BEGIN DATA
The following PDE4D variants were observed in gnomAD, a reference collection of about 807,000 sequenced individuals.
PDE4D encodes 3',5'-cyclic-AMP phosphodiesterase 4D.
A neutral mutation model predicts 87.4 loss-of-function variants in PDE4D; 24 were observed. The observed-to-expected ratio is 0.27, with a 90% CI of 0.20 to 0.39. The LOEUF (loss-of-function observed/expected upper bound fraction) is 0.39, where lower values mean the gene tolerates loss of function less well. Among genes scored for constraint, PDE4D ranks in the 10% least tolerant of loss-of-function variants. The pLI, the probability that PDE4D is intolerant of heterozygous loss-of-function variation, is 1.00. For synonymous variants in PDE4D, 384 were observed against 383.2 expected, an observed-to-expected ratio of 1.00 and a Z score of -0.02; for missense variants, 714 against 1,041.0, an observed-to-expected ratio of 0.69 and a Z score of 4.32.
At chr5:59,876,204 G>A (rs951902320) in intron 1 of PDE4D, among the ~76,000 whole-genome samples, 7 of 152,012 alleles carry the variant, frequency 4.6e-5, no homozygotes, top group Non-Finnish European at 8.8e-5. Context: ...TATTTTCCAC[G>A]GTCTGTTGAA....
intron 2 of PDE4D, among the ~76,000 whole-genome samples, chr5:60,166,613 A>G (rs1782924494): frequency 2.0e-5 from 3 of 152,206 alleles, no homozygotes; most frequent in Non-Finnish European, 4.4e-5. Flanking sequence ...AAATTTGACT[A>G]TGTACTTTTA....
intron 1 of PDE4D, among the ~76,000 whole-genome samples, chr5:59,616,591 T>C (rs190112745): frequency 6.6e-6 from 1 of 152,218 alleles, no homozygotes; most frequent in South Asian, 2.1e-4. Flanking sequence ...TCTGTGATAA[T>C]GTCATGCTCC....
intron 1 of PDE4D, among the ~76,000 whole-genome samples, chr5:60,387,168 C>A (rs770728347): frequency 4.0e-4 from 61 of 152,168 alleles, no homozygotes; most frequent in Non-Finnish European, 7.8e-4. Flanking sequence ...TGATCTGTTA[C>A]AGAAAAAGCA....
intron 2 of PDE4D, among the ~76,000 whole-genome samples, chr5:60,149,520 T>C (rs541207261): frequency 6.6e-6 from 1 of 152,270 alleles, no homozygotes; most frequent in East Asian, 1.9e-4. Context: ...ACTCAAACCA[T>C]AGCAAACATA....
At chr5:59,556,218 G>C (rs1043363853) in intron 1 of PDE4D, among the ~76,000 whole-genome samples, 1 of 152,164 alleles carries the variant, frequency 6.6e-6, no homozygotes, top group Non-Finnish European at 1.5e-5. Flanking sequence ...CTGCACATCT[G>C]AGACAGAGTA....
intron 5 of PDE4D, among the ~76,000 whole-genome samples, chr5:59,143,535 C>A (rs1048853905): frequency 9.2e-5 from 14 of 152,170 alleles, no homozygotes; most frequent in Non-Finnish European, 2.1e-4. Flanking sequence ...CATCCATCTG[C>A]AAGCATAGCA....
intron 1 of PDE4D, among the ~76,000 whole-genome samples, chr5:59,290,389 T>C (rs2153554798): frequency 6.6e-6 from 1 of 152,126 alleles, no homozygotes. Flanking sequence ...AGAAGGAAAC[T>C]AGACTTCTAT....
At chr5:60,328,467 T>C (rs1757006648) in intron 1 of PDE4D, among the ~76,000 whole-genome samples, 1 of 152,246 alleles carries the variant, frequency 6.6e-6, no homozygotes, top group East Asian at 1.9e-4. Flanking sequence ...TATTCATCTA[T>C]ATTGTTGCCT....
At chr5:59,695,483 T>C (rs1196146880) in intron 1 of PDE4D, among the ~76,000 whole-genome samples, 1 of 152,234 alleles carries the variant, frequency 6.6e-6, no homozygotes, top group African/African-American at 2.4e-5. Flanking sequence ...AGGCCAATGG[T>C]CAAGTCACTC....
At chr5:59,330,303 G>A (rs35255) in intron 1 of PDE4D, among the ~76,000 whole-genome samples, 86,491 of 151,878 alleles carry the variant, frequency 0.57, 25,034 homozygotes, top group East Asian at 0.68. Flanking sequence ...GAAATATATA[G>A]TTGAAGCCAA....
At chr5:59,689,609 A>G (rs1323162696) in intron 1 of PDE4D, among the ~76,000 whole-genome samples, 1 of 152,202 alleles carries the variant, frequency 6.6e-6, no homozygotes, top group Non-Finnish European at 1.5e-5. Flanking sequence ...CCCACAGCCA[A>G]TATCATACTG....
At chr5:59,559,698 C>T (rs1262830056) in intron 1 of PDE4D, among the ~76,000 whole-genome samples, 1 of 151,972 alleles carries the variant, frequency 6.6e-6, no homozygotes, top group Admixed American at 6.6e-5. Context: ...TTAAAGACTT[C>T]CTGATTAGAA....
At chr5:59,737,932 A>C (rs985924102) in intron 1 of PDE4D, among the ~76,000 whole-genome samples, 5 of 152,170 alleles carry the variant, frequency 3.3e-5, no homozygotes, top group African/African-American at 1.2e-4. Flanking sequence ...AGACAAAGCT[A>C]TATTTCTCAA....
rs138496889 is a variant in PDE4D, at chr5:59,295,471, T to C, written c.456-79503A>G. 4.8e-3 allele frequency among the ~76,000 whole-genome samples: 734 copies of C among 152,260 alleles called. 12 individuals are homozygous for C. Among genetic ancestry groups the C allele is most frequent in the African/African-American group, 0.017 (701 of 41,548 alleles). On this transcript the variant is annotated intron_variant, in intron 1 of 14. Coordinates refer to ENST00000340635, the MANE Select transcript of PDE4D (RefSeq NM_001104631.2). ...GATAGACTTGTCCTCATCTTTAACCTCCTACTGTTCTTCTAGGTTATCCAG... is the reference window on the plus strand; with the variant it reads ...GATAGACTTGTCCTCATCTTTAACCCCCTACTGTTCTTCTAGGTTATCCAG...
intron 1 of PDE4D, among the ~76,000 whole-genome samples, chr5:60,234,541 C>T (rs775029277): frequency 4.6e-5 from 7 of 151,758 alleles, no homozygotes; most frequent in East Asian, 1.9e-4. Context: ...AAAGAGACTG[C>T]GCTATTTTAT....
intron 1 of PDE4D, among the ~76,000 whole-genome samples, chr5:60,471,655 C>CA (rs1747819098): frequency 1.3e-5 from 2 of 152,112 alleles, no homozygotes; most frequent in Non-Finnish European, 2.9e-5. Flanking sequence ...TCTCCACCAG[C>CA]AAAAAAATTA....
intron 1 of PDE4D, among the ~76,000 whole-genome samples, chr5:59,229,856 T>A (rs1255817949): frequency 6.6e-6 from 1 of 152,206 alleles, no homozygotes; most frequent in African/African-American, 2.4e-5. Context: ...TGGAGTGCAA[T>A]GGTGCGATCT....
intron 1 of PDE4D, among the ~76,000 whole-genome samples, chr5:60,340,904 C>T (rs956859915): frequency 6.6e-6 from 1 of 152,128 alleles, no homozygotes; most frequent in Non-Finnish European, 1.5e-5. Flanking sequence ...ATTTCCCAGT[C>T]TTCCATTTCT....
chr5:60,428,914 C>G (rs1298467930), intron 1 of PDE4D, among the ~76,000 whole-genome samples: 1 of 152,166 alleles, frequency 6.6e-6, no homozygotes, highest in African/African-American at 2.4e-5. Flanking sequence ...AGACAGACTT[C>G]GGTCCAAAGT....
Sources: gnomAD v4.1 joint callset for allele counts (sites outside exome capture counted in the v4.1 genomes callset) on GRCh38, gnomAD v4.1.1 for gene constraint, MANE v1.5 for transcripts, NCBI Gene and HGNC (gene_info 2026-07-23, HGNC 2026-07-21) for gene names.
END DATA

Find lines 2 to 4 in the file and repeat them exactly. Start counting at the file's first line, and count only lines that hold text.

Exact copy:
PDE4D encodes 3',5'-cyclic-AMP phosphodiesterase 4D.
A neutral mutation model predicts 87.4 loss-of-function variants in PDE4D; 24 were observed. The observed-to-expected ratio is 0.27, with a 90% CI of 0.20 to 0.39. The LOEUF (loss-of-function observed/expected upper bound fraction) is 0.39, where lower values mean the gene tolerates loss of function less well. Among genes scored for constraint, PDE4D ranks in the 10% least tolerant of loss-of-function variants. The pLI, the probability that PDE4D is intolerant of heterozygous loss-of-function variation, is 1.00. For synonymous variants in PDE4D, 384 were observed against 383.2 expected, an observed-to-expected ratio of 1.00 and a Z score of -0.02; for missense variants, 714 against 1,041.0, an observed-to-expected ratio of 0.69 and a Z score of 4.32.
At chr5:59,876,204 G>A (rs951902320) in intron 1 of PDE4D, among the ~76,000 whole-genome samples, 7 of 152,012 alleles carry the variant, frequency 4.6e-5, no homozygotes, top group Non-Finnish European at 8.8e-5. Context: ...TATTTTCCAC[G>A]GTCTGTTGAA....